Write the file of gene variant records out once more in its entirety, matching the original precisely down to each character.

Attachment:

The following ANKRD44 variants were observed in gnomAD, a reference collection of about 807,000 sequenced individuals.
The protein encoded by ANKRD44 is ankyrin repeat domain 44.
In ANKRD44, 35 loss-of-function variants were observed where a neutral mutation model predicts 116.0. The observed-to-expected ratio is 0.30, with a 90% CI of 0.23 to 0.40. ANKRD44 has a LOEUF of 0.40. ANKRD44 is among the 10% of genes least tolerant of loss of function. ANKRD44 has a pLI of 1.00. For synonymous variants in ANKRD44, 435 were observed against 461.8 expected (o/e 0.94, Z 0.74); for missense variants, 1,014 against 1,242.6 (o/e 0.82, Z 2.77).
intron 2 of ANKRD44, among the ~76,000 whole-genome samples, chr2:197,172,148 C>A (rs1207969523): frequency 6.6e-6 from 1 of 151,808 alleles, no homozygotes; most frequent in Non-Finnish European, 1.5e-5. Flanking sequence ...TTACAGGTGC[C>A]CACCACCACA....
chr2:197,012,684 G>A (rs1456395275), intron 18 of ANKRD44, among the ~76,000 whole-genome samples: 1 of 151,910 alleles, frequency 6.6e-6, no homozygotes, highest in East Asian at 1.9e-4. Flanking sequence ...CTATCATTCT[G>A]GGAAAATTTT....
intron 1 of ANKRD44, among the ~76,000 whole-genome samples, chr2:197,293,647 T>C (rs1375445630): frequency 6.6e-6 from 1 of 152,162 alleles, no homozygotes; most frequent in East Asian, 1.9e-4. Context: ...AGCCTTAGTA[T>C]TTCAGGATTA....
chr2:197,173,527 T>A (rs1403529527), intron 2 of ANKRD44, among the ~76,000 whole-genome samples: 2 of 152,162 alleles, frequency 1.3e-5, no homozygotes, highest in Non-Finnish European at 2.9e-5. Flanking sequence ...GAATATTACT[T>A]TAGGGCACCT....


The following ANKRD44 variants were observed in gnomAD, a reference collection of about 807,000 sequenced individuals.
The protein encoded by ANKRD44 is ankyrin repeat domain 44.
In ANKRD44, 35 loss-of-function variants were observed where a neutral mutation model predicts 116.0. The observed-to-expected ratio is 0.30, with a 90% CI of 0.23 to 0.40. ANKRD44 has a LOEUF of 0.40. ANKRD44 is among the 10% of genes least tolerant of loss of function. ANKRD44 has a pLI of 1.00. For synonymous variants in ANKRD44, 435 were observed against 461.8 expected (o/e 0.94, Z 0.74); for missense variants, 1,014 against 1,242.6 (o/e 0.82, Z 2.77).
intron 2 of ANKRD44, among the ~76,000 whole-genome samples, chr2:197,172,148 C>A (rs1207969523): frequency 6.6e-6 from 1 of 151,808 alleles, no homozygotes; most frequent in Non-Finnish European, 1.5e-5. Flanking sequence ...TTACAGGTGC[C>A]CACCACCACA....
chr2:197,012,684 G>A (rs1456395275), intron 18 of ANKRD44, among the ~76,000 whole-genome samples: 1 of 151,910 alleles, frequency 6.6e-6, no homozygotes, highest in East Asian at 1.9e-4. Flanking sequence ...CTATCATTCT[G>A]GGAAAATTTT....
intron 1 of ANKRD44, among the ~76,000 whole-genome samples, chr2:197,293,647 T>C (rs1375445630): frequency 6.6e-6 from 1 of 152,162 alleles, no homozygotes; most frequent in East Asian, 1.9e-4. Context: ...AGCCTTAGTA[T>C]TTCAGGATTA....
chr2:197,173,527 T>A (rs1403529527), intron 2 of ANKRD44, among the ~76,000 whole-genome samples: 2 of 152,162 alleles, frequency 1.3e-5, no homozygotes, highest in Non-Finnish European at 2.9e-5. Flanking sequence ...GAATATTACT[T>A]TAGGGCACCT....